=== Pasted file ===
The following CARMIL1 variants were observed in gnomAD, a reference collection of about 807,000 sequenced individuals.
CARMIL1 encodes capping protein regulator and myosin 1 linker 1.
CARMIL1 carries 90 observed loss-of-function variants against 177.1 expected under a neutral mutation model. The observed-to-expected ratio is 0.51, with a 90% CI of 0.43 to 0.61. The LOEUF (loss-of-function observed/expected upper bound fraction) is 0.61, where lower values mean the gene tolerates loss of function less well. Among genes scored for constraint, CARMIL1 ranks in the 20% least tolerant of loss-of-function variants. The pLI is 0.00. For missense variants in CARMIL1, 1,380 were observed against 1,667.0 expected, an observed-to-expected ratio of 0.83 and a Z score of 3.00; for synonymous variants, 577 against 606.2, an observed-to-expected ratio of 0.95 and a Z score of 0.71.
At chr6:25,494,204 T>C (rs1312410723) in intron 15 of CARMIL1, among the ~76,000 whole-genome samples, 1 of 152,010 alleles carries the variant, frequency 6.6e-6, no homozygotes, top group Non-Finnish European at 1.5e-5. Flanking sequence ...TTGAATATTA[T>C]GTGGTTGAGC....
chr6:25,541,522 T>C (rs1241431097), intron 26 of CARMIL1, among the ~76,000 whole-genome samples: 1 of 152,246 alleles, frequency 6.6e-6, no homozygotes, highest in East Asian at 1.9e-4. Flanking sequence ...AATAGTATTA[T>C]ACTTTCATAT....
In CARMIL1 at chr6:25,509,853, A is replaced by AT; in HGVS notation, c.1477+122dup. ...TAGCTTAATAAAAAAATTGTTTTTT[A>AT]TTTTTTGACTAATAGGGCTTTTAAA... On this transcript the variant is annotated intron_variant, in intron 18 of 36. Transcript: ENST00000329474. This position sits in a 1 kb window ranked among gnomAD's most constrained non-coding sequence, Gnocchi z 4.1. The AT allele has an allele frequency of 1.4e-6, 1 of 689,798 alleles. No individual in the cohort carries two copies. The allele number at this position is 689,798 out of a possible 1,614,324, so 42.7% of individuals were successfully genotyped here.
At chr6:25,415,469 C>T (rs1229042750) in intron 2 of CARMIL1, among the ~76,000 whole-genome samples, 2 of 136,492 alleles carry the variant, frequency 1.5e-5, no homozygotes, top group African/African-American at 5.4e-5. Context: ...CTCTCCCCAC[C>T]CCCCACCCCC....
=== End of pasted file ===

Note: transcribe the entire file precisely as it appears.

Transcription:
The following CARMIL1 variants were observed in gnomAD, a reference collection of about 807,000 sequenced individuals.
CARMIL1 encodes capping protein regulator and myosin 1 linker 1.
CARMIL1 carries 90 observed loss-of-function variants against 177.1 expected under a neutral mutation model. The observed-to-expected ratio is 0.51, with a 90% CI of 0.43 to 0.61. The LOEUF (loss-of-function observed/expected upper bound fraction) is 0.61, where lower values mean the gene tolerates loss of function less well. Among genes scored for constraint, CARMIL1 ranks in the 20% least tolerant of loss-of-function variants. The pLI is 0.00. For missense variants in CARMIL1, 1,380 were observed against 1,667.0 expected, an observed-to-expected ratio of 0.83 and a Z score of 3.00; for synonymous variants, 577 against 606.2, an observed-to-expected ratio of 0.95 and a Z score of 0.71.
At chr6:25,494,204 T>C (rs1312410723) in intron 15 of CARMIL1, among the ~76,000 whole-genome samples, 1 of 152,010 alleles carries the variant, frequency 6.6e-6, no homozygotes, top group Non-Finnish European at 1.5e-5. Flanking sequence ...TTGAATATTA[T>C]GTGGTTGAGC....
chr6:25,541,522 T>C (rs1241431097), intron 26 of CARMIL1, among the ~76,000 whole-genome samples: 1 of 152,246 alleles, frequency 6.6e-6, no homozygotes, highest in East Asian at 1.9e-4. Flanking sequence ...AATAGTATTA[T>C]ACTTTCATAT....
In CARMIL1 at chr6:25,509,853, A is replaced by AT; in HGVS notation, c.1477+122dup. ...TAGCTTAATAAAAAAATTGTTTTTT[A>AT]TTTTTTGACTAATAGGGCTTTTAAA... On this transcript the variant is annotated intron_variant, in intron 18 of 36. Transcript: ENST00000329474. This position sits in a 1 kb window ranked among gnomAD's most constrained non-coding sequence, Gnocchi z 4.1. The AT allele has an allele frequency of 1.4e-6, 1 of 689,798 alleles. No individual in the cohort carries two copies. The allele number at this position is 689,798 out of a possible 1,614,324, so 42.7% of individuals were successfully genotyped here.
At chr6:25,415,469 C>T (rs1229042750) in intron 2 of CARMIL1, among the ~76,000 whole-genome samples, 2 of 136,492 alleles carry the variant, frequency 1.5e-5, no homozygotes, top group African/African-American at 5.4e-5. Context: ...CTCTCCCCAC[C>T]CCCCACCCCC....